Eventually the person is fully aware of their addiction and is no longer able to deny it.
‘But since hiding the truth from oneself is no longer as effective, it becomes increasingly important to hide it from other people. Now the addictive behavior becomes more secretive; the person may hide bottles and consciously lie.’
4. Delaying Tactics
‘in virtually ever major addiction, there comes a time when one resolves to master it…[and] decides to quit… Sensing an impending frontal attack upon its addiction, the mind comes up with the most cunning, inventive strategies possible… The mind will suggest, perhaps, that it is not wise to rush into such things.
“I need to think this through and decide carefully when and how to quit and what my reasons and strategies will be.”
The “resolving to resolve” stage can effectively prohibit any real action from taking place for years at a time.
Other procrastinations include looking for an ideal time to stop.
- “I’ll wait until Lent; it would be a good spiritual discipline.”
- “I can’t stop yet because it will make me anxious and irritable for a while, and I have all this important work to attend to.”
- “I’m really not feeling well enough right now.”
- “Maybe I should pray about it and God will show me when and how to quit.”
- “The next time I have a blackout, that will be the sign that it’s time to quit.”
- “What I’ll do is go and drink and drink until I get sick of it, and then I’ll really want to quit.”
- “Well, this is it. I’m going to quit. This is the red-letter day. I’ll have a drink to celebrate.”
5. “I Can’t Handle It”
‘Repeatedly failed resolutions eventually lead to depression and to some kind of admission of defeat… the person simply surrenders to the addiction… If the person is sophisticated in the language of Alcoholics or Narcotics Anonymous, she is likely to try to convince herself that this, finally, is the rock-bottom surrender that will somehow save her. But the “higher power” to which she is surrendering is not God; it is the addiction itself.”’
Or, the person may approach it more aggressively and simply say “Who cares? What difference does it make?” and continue on believing there is no longer a reason to stop.”
6. “I Can Handle It”
At some point, the person can find some sense of freedom and control over their addiction. But at some other point in the near distant future, be it a few days or months, the person falls into old patterns. “Everything was going so well, and I Wasn’t even thinking about drinking, but all of a sudden there I was, with a drink in my hand, and I was already feeling high.” At this point, “I am free” becomes “I can handle it.” They begin to believe that they can engage in this behavior without being “addicted to it.”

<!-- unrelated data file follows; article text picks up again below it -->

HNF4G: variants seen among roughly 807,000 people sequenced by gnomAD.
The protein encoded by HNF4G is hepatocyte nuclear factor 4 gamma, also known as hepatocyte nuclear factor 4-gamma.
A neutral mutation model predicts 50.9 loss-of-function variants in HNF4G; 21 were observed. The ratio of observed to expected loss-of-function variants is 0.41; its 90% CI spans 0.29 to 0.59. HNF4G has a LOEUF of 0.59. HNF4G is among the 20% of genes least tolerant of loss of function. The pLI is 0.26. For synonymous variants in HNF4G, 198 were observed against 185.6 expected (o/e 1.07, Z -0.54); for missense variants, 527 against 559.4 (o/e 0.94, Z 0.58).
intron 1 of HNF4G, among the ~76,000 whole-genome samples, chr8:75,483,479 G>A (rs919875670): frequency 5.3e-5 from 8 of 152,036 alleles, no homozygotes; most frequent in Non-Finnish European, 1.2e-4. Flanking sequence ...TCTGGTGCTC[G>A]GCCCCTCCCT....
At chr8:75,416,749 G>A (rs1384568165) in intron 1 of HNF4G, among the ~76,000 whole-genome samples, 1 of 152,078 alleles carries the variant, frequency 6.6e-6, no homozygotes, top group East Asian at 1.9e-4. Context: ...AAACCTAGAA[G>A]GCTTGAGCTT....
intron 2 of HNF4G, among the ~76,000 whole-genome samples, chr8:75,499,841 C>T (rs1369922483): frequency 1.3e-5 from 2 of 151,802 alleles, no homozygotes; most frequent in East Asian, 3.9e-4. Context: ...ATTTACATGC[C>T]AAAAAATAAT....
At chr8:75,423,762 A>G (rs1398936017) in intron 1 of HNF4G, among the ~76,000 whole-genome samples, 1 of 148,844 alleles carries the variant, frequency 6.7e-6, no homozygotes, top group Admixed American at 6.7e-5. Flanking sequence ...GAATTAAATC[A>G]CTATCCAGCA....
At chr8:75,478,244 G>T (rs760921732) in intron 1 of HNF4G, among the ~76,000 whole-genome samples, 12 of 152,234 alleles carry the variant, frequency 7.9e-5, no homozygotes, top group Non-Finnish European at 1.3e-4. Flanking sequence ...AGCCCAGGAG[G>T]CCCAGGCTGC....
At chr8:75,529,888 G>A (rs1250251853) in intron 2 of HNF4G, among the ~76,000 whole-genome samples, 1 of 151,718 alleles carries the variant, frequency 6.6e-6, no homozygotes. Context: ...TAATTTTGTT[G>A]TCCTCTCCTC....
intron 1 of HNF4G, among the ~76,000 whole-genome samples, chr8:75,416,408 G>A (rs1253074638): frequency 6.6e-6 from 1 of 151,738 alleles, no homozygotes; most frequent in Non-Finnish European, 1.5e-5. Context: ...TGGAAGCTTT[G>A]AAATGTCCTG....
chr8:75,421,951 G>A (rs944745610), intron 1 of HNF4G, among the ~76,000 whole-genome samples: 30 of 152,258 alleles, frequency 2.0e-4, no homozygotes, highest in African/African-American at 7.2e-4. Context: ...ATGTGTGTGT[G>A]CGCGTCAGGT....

- “I’m moderating it.”
- “No more than three snorts a day.”
- “I only drink on social occasions where it would be embarrassing to say no.”
- “I only have on drink before supper.”
- “I take a pill or two only on weekends.”
- “It’s not the occasional beer that gets me in trouble, it’s the hard stuff.”
At this point, the person completely gives up and “without even the wil to resist, the use of the chemical increases dramatically, further impairing judgment.” The rationalizations change and take on new forms.
- “If I could just get a hundred thousand dollars, my life would be different.”
- “I’m going to leave everything and start life all over again in another country.”
- “If it weren’t for my boss treating me the way he did, I wouldn’t be in this state. He doesn’t deserve to live.”
- “It’s a lousy, rotten world anyway. Who cares what I do? I’ll show them I’m somebody.”
The final component/pattern of addiction is when the people in the addicted person’s life begin to “collude” or enable the addicted person. This well-known as “codependency.” “Ironically,” May says, “it is the most sympathetic, compassionate, loving persons in the addict’s social circle that are most likely to fall into such collusion.”
May even admits, professional medical or psychological helpers are by no means immune to this problem.
Physicians may prescribe other drugs to help people quit the primary chemical, thus producing multiple chemical addictions.
‘Psychotherapeutic help may prolong the addictive behavior while therapist and client spend months or years trying to uncover nonexistent childhood experiences to explain the addiction. It as if the therapist teaches the addicted person to think, “I have become addicted because of some personality defect or old psychological trauma. I must spend months, perhaps years, trying to identify and solve my psychological problems (and while all this goes on, I have an excuse to keep on being addicted).”’